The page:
Selective Focus & Depth of Field

Selective Focus

Selective focus is a technique in which specific objects in a photograph are made to stand out by keeping them sharp and in focus whilst the rest of the shot will have blurred edges and be out of focus. (, 2013)

There are various ways you can achieve selective focus. A wide aperture size or f stop can help achieve this. Also, by choosing an angel that the foreground appears far from the background and closer to the camera will make the background become very out of focus. (, 2013)

Selective Focus  Mark 'The Cobrasnake' Hunter

Mark “The Cobrasnake” Hunter (2012). Wildfox Swim 2012 Anja

The photo above demonstrates a great example of selective focus where the model is completely in focus and the background is out of focus. This shows that the model is the main part of the image and what the photographer wants us to look at, where as the rest of the background is portaryed to be unimportant. This photo also has a short depth of field.

Selective Focus  Mark 'The Cobrasnake' Hunter

Mark “The Cobrasnake” Hunter (2013). No. Magazine – JesseJo

Again another example of selective focus but this time instead of the model being the main feature of the photo as you would normally expect, the lorry in the background is what draws the attention of the shot by being in focus. This gives the image a sinister feel as you are drawn to the lorry but can’t quite see who’s in it, and although the model looks as if she’s having a good time, it gives the impression that she won’t be for long.

Nick Knight

Nick Knight (1982). Skinhead

Here Nick Knight uses a short depth of field to bring all the focus on the skinhead. This is quite a simple photo so by using a short depth of field gives the photo a little more depth.

Patrick Demarchelier (2010) Donna Karen New York

By using selective focus here it draws all attention the the model and what she is wearing. It also gives a great effect to the building lights in the background to make  them apear almost as if they are twinkling.

Patrick Demarchelier (2010) Louis Vuitton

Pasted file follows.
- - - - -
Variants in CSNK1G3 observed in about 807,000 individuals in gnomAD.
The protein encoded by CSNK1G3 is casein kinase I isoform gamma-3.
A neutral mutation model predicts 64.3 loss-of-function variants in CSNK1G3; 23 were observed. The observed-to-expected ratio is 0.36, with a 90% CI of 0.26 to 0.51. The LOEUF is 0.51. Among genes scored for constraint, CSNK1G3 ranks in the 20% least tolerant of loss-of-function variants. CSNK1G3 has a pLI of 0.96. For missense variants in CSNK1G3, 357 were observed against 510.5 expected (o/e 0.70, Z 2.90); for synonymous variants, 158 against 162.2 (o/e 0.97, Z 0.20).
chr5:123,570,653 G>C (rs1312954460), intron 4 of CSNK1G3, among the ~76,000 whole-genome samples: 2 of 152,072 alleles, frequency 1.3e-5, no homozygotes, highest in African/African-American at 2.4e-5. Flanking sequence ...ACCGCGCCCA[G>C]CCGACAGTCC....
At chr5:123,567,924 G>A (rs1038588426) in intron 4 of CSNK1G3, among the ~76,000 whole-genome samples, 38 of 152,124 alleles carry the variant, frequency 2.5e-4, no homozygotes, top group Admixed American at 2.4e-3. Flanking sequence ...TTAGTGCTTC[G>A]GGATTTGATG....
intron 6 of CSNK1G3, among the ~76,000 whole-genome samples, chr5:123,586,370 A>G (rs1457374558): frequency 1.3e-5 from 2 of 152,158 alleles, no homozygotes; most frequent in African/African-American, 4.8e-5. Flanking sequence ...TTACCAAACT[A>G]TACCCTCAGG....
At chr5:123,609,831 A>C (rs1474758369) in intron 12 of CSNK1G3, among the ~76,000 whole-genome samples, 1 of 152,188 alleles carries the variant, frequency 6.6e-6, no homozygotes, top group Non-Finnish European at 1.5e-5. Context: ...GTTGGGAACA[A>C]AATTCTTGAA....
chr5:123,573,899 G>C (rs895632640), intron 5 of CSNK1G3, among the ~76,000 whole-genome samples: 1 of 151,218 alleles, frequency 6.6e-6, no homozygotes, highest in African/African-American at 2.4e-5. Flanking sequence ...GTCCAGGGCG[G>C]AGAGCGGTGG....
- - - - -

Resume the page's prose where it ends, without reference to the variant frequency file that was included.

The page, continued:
Using selective focus is really good for advertising campaigns as it really draws attention to the item, for example a bag, that is being sold.

 Ben Morris. (2013) Vogue

This photo is a slightly different example of selective focus. the foreground is out of focus but again this shows how the attention is directly on the model.


Franco Lacosta (2013)

Again another image demonstrating the foreground being out of focus.

Jerry Metellus

Jerry Metellus

Selective focus has bee used her to focus on the models eyes. it creates a really dramatic effect and would be perfect for something similar to an ad campaign for make up.

Lydia Hearst for MissMe

Mike Rosenthal (2013) MissMe

This image is demonstrates how it is not always the background that needs to be out of focus to demonstrate a selective focus. By choosing the focus on the girl and not on the object closest to the camera, gives the entire photo a new depth that it otherwise may not have.


Ben Morris (2013) Vogue. Available at: (Accessed 15 November 2013)

Franco Lacosta (2013) Available at: (Accessed 15 November 2013)

Jerry Metellus Available at: (Accessed 16 November 2013)

Mark “The Cobrasnake” Hunter (2013). No. Magazine – JesseJo. Available at: (Accessed  11 October 2013)

Mark “The Cobrasnake” Hunter (2012). Wildfox Swim 2012 Anja. Available at: (Accessed 11 October 2013)

Mike Rosenthal (2013). MissMe.  Available at: (Accessed 16 November 2013)

Nick Knight (1982). Skinhead Available at: (Accessed 15 November 2013)

Patrick Demarchelier (2010) Donna Karen New York. Available at: (Accessed 15 November 2013)

Patrick Demarchelier (2010) Louis Vuitton. Available at: (Accessed 15 November 2013)

Steve’s Digicams (2013) Understanding Selective Focus. Avaliable at:, 2013 (Accessed 11 October 2013)